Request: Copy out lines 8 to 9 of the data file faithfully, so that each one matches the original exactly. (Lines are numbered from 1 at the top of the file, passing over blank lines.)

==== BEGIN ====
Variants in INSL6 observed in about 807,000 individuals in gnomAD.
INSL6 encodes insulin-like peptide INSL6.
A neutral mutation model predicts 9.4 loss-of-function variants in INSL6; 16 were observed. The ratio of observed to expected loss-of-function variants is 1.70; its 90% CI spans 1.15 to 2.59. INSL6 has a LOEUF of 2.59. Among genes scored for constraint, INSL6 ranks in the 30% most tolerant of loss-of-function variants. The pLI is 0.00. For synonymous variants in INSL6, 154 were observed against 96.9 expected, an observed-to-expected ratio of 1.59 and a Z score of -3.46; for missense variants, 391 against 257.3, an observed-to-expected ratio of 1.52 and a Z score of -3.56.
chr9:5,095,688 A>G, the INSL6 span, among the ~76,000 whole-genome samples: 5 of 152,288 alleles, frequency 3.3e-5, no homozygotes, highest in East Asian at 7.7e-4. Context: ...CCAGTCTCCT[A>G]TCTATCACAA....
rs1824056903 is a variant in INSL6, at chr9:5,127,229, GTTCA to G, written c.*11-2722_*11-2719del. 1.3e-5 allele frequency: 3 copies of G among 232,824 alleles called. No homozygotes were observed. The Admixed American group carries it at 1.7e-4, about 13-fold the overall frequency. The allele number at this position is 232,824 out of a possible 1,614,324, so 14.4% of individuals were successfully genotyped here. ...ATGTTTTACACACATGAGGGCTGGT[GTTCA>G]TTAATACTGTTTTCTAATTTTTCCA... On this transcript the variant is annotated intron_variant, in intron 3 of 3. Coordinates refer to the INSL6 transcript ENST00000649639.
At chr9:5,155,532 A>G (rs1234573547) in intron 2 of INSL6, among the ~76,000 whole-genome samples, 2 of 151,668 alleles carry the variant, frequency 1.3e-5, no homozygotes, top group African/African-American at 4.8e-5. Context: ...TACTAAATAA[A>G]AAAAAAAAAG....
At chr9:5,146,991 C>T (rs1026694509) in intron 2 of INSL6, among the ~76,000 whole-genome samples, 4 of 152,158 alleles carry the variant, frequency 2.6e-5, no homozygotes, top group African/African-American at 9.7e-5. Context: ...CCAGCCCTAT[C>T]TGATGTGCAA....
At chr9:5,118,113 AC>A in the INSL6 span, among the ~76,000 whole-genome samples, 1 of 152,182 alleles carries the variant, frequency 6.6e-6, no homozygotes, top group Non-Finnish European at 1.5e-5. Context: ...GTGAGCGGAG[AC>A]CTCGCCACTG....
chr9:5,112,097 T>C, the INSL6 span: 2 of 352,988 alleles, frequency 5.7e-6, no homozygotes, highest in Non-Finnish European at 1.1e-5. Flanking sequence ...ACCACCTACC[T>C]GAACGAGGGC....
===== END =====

At chr9:5,118,113 AC>A in the INSL6 span, among the ~76,000 whole-genome samples, 1 of 152,182 alleles carries the variant, frequency 6.6e-6, no homozygotes, top group Non-Finnish European at 1.5e-5. Context: ...GTGAGCGGAG[AC>A]CTCGCCACTG....
chr9:5,112,097 T>C, the INSL6 span: 2 of 352,988 alleles, frequency 5.7e-6, no homozygotes, highest in Non-Finnish European at 1.1e-5. Flanking sequence ...ACCACCTACC[T>C]GAACGAGGGC....